Joe Biden and Bernie Sanders will square off in the 11th Democratic debate on Sunday night, in a contest moved from Arizona to Washington DC and held without a live audience due to the coronavirus outbreak.
The escalating public health crisis has played havoc with all areas of US life, but Arizona, Florida, Illinois and Ohio will still go to the polls on Tuesday.
But Sanders has refused to throw in the towel, saying this week that though he may be “losing the debate over electability”, he is a champion for the views of most younger voters and wants to influence the general election platform.
“On Sunday, I very much look forward to the debate in Arizona with my friend Joe Biden,” Sanders said, indicating he would challenge the former vice-president on healthcare reform, the minimum wage and other progressive priorities.
Nick Carter, Sanders’ political outreach director in 2016, told the New York Times the Vermont senator was “pivoting to ensure that the issues that he has built his political career around continue to be front and center in the political dialogue.
“I also think he has [at the] top of [his] mind ensuring his supporters and those unenthusiastic about a Biden candidacy don’t call it a day.”
Many in the Democratic establishment would prefer the independent from Vermont admit defeat and put his shoulder to the wheel for Biden.
In emails to the Guardian, Martin O’Malley, a former Baltimore mayor, Maryland governor and candidate for the presidential nomination, said he was “guessing, most kindly, that Bernie is thinking as quickly as Biden sprung back to political life, he could as easily stumble and so he has an obligation to hang in there.
“What he risks is that more and more people [see] his messiah veneer fall away and his hypocrisy on many issues – gun safety, immigration reform, Russia interference – will strip away his lovable old uncle persona.”
At the polls, Biden’s comeback from seemingly inevitable defeat has been powered by older voters, moderates, voters in swing counties and an overwhelming percentage of African Americans.
“I think Biden has been so battered and scarred already,” O’Malley said, “[that] I’m not sure there is much more that Bernie can do … in fact, Bernie could be a useful foil for Biden’s need to appeal to and win more independents.”
Reed Galen, a former aide to George W Bush and John McCain, left the Republican party in 2016 and is now part of the Lincoln Project, a super Pac devoted to producing ads against Trump.
Sanders is “using the core of his support base to not drop out gracefully”, Galen told the Guardian on Saturday, adding: “I don’t think Bernie Sanders has grace about him. From my perspective I think he should have [dropped out] and let the Biden campaign go and do the things it needs to do vis-a-vis Trump.
“But Bernie doesn’t care because he’s not a Democrat and never has been, so from his supporters’ perspective, if they wreck the Democratic party it’s just another win for them.”
Galen and O’Malley both expected a fiery contest in CNN’s Washington studio.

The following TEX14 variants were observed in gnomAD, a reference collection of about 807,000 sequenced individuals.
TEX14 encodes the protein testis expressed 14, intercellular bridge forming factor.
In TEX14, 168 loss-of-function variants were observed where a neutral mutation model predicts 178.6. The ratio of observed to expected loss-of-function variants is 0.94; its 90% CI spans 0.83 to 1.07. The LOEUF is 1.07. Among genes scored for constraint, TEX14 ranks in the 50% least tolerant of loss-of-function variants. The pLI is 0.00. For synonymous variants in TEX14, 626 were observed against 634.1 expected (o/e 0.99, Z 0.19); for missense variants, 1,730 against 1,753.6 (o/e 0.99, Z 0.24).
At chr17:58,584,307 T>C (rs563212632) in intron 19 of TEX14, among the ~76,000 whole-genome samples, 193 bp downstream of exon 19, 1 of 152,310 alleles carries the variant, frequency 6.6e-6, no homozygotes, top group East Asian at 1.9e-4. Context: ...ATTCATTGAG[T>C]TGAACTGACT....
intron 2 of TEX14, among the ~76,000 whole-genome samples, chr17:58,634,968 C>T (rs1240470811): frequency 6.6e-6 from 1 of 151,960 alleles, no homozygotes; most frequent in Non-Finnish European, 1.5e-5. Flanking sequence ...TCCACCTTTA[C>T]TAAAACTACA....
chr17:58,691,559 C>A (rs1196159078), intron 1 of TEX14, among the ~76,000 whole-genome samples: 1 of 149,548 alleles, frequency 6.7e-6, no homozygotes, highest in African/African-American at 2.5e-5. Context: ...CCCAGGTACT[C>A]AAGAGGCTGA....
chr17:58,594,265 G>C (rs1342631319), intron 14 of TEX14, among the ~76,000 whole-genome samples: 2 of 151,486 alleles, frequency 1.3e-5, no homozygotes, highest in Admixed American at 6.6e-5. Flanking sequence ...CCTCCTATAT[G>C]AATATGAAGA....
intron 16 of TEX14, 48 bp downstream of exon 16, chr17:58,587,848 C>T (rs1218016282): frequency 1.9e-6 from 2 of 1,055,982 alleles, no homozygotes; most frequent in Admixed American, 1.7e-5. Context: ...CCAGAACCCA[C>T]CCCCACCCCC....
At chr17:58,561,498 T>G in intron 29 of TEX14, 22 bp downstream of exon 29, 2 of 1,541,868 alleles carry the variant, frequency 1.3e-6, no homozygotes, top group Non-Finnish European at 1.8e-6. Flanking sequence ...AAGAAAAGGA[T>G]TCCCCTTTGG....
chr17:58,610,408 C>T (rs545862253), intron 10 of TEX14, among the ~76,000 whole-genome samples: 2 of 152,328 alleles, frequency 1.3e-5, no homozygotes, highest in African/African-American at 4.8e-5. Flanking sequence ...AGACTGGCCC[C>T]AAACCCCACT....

“Biden won’t stand there like a punching bag,” said O’Malley, who experienced the highs and lows of the debate stage alongside Sanders and Hillary Clinton. “He will hit back when pressed. And Bernie has no choice but to press.”
Galen said he thought Biden had a good opportunity to appeal again to moderates and independents, but added a warning about the pitfalls of any such bare-knuckle political bout, into which Biden has fallen in this and other elections.
“When you hit that debate stage it’s like a roller coaster heading downhill,” he said. “You hope it’s going to stay on the tracks but once in a while it goes flying off the edge.”
The coronavirus outbreak – which caused Univision host Jorge Ramos to step aside as a debate host after contact with someone exposed to Covid-19 – seems sure to dominate proceedings.
Both Biden and Sanders addressed the nation on the subject this week, attempting to present a contrast with Trump’s wildly uneven attempts to lead.
Galen said he thought Biden’s advisers would therefore seek to “utilise what Biden has been best at, which is relying on personal experience.
“We saw this week that he started talking about what he’s done in government and what government can and can’t do. I think his team will try to stay in that fairly narrow zone.
“But it wouldn’t surprise me if they also spend a fair amount of time focused on Trump. Here’s a way that he can use a sledgehammer on Trump but a scalpel on Sanders: by saying, ‘Here’s a guy we elected that had no experience, no people willing to work for him, no people he is willing to listen to. We can’t have that anymore.’”
Galen and O’Malley both deplored a tweet sent by Trump’s campaign this week which called Biden a “rotting corpse of a candidate”, and said it was a taste of the fierce and dirty fight to come.
“There is one question and only one question that viewers will be asking themselves during Sunday’s debate,” O’Malley said, “and it is this: which of these two candidates would do the best job of keeping me and my family safe in a big emergency, like, a pandemic.
“What I do know is that of the three men left [including Trump], more and more people are wishing Biden were already in charge.”
In fact, the Hawaii congresswoman Tulsi Gabbard is still campaigning. For the debate in Washington on Sunday, however, she did not meet qualification criteria set by the Democratic National Committee.